Enology Notes #114, July 14, 2006
To: Regional Wine Producers
From: Bruce Zoecklein, Head, Enology-Grape Chemistry Group, Virginia Tech
This sensory feature is mainly derived from a group of nitrogen-containing compounds, pyrazines, present in green plant tissues, including grapes. One important methoxypyrazine, IBMP (2-methoxy-3-isobutylpyrazine) imparts a vegetal aroma to Cabernet Sauvignon, Cabernet franc, and Sauvignon blanc, described as bell- or green pepper-like.
Concentrations in the fruit range from zero to 35 ng/L. To put the sensory threshold of these important components in perspective, 1 ng/L is 1 part per trillion. The detection level of IBMP is 2 ng/L in water, and about 15 ng/L in red wines. IBMP may contribute to leafy-type aromas, even in concentrations as low as 2 ng/L (Allen 2006).
Several factors have confounded our understanding of methoxypyrazines, including their very low concentrations (and, therefore, difficulty in quantification) and their association with other compounds.
Odor synergism and antagonism also confound our understanding of methoxypyrazines in a matrix as complex as wine. Sulfur-containing compounds can complement the vegetative odor, and some have green-type odors themselves.
Methoxypyrazines not only contribute to odor but also impact palate balance (see Enology Notes #94).
Viticultural Factors Influencing Herbaceousness. There are two pathways to production of methoxypyrazines, one dependent on grape maturity, climate, and fruit exposure, the other not (Allen 1998). Important viticultural factors influencing wine herbaceousness include the following:
- Vegetative growth
- Soil moisture
- Leaf maturity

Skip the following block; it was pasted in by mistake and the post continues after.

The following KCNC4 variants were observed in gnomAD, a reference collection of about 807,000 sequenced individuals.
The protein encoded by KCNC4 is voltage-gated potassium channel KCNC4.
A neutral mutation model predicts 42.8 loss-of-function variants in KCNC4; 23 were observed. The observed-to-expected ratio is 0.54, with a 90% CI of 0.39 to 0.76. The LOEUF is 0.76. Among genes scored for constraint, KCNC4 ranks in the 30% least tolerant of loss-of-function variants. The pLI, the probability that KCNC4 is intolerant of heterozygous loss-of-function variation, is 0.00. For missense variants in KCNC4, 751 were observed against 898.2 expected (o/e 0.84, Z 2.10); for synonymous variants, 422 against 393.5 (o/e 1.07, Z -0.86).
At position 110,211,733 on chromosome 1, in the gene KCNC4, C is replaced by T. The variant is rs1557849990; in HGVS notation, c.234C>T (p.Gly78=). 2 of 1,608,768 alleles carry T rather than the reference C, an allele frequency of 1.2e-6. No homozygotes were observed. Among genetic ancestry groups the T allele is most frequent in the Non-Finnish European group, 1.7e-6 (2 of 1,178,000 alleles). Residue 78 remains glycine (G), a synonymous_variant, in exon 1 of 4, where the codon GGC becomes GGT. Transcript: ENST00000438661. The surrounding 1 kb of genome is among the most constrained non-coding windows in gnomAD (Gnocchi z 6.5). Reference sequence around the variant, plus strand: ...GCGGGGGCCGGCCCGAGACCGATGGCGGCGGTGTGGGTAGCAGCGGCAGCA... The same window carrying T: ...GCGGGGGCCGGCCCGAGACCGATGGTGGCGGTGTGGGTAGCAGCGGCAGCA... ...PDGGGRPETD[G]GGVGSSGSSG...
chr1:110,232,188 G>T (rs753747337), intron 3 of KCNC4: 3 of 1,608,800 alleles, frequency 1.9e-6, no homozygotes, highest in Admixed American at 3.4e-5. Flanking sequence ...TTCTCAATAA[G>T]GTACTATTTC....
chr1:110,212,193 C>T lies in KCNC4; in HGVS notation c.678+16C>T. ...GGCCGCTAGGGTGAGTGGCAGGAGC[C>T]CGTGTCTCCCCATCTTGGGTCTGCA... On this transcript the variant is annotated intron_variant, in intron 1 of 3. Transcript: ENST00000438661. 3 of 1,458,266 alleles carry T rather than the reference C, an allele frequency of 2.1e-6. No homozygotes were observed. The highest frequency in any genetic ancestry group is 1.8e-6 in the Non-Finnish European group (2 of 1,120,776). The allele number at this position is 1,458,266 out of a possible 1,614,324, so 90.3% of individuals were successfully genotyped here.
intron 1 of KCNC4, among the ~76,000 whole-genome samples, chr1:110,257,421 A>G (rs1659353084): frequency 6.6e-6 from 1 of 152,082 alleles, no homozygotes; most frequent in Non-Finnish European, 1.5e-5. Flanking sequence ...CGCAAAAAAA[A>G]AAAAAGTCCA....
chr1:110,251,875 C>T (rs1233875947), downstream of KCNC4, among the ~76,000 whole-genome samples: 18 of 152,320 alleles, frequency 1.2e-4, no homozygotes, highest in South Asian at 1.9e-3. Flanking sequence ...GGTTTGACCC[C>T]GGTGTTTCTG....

- Fruit exposure to light
- Crop load and rate of fruit maturation
- Uneven fruit ripening
In the fruit, the major methoxypyrazine (IBMP) is formed early and breaks down following véraison. The level in ripe fruit is related to the prevailing weather conditions, which lead to the initial IBMP concentration. The breakdown is initially very rapid, then slows as fruit maturity increases (Roujou de Boubee 2004).
Does this drop represent photo-degradation? Not likely. It appears that the decrease in pyrazines is the result of temperature (Allen 2006). The decrease in concentration is directly correlated to the decrease in malic acid. Malic acid decreases at a faster rate during warm nighttime temperatures, as do methoxypyrazines like IBMP.
Photosynthesizing green leaves, and the conditions that promote their persistence (such as high soil moisture), contribute to harsh green aromas/flavors in the fruit. As such, there appears to be a correlation between leaf maturity (progression towards colors expected at senescence) and reduction in berry green-fruit character (Delteil 2003, Roujou de Boubee 2004). Therefore, the timing of leaf senescence, and the associated changes in plant hormones, may be important with regard to green fruit aroma/flavor.